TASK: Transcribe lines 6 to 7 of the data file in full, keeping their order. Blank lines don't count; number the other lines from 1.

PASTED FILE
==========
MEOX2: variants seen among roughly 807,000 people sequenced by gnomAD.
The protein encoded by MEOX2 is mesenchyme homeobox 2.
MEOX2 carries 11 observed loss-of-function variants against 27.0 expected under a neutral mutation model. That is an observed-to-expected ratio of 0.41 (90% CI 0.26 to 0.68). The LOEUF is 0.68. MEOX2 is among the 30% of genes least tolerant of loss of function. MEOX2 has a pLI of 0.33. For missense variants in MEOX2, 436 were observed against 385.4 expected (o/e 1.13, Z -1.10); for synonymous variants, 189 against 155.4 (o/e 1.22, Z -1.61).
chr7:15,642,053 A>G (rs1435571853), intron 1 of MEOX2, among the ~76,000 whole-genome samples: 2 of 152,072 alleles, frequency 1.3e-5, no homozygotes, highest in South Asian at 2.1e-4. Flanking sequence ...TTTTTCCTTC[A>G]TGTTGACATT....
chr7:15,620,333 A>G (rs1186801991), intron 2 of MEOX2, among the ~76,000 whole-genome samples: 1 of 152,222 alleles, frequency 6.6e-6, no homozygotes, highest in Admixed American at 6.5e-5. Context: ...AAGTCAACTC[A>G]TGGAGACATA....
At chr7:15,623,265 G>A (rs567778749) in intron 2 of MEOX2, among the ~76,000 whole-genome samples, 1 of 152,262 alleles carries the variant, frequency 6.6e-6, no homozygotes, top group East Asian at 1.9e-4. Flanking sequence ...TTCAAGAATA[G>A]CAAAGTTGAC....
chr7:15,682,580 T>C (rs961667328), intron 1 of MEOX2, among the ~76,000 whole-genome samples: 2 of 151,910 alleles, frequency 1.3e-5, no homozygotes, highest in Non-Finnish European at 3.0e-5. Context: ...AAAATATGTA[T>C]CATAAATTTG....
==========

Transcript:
At chr7:15,623,265 G>A (rs567778749) in intron 2 of MEOX2, among the ~76,000 whole-genome samples, 1 of 152,262 alleles carries the variant, frequency 6.6e-6, no homozygotes, top group East Asian at 1.9e-4. Flanking sequence ...TTCAAGAATA[G>A]CAAAGTTGAC....
chr7:15,682,580 T>C (rs961667328), intron 1 of MEOX2, among the ~76,000 whole-genome samples: 2 of 151,910 alleles, frequency 1.3e-5, no homozygotes, highest in Non-Finnish European at 3.0e-5. Context: ...AAAATATGTA[T>C]CATAAATTTG....